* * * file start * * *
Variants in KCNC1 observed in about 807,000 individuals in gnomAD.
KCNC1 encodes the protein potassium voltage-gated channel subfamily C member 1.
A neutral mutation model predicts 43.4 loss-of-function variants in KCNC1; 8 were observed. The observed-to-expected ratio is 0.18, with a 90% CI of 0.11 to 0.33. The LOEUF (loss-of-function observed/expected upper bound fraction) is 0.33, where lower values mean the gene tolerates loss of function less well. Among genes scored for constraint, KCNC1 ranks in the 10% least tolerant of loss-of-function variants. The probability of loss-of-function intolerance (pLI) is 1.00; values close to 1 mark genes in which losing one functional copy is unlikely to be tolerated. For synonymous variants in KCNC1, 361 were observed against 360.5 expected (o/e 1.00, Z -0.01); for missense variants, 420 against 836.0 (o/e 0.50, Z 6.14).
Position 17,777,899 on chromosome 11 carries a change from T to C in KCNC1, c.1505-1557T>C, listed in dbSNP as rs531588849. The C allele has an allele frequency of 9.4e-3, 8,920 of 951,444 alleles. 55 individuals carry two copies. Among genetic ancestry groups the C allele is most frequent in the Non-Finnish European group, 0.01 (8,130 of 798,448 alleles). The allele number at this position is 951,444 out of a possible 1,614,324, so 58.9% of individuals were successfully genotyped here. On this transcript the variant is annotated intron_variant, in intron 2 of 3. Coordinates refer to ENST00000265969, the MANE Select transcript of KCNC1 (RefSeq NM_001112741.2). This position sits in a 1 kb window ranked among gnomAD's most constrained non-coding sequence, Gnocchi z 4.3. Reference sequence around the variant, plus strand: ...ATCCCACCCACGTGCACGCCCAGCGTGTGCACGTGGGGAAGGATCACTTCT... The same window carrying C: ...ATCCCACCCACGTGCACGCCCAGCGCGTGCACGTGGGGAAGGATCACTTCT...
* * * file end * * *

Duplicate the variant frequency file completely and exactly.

Variants in KCNC1 observed in about 807,000 individuals in gnomAD.
KCNC1 encodes the protein potassium voltage-gated channel subfamily C member 1.
A neutral mutation model predicts 43.4 loss-of-function variants in KCNC1; 8 were observed. The observed-to-expected ratio is 0.18, with a 90% CI of 0.11 to 0.33. The LOEUF (loss-of-function observed/expected upper bound fraction) is 0.33, where lower values mean the gene tolerates loss of function less well. Among genes scored for constraint, KCNC1 ranks in the 10% least tolerant of loss-of-function variants. The probability of loss-of-function intolerance (pLI) is 1.00; values close to 1 mark genes in which losing one functional copy is unlikely to be tolerated. For synonymous variants in KCNC1, 361 were observed against 360.5 expected (o/e 1.00, Z -0.01); for missense variants, 420 against 836.0 (o/e 0.50, Z 6.14).
Position 17,777,899 on chromosome 11 carries a change from T to C in KCNC1, c.1505-1557T>C, listed in dbSNP as rs531588849. The C allele has an allele frequency of 9.4e-3, 8,920 of 951,444 alleles. 55 individuals carry two copies. Among genetic ancestry groups the C allele is most frequent in the Non-Finnish European group, 0.01 (8,130 of 798,448 alleles). The allele number at this position is 951,444 out of a possible 1,614,324, so 58.9% of individuals were successfully genotyped here. On this transcript the variant is annotated intron_variant, in intron 2 of 3. Coordinates refer to ENST00000265969, the MANE Select transcript of KCNC1 (RefSeq NM_001112741.2). This position sits in a 1 kb window ranked among gnomAD's most constrained non-coding sequence, Gnocchi z 4.3. Reference sequence around the variant, plus strand: ...ATCCCACCCACGTGCACGCCCAGCGTGTGCACGTGGGGAAGGATCACTTCT... The same window carrying C: ...ATCCCACCCACGTGCACGCCCAGCGCGTGCACGTGGGGAAGGATCACTTCT...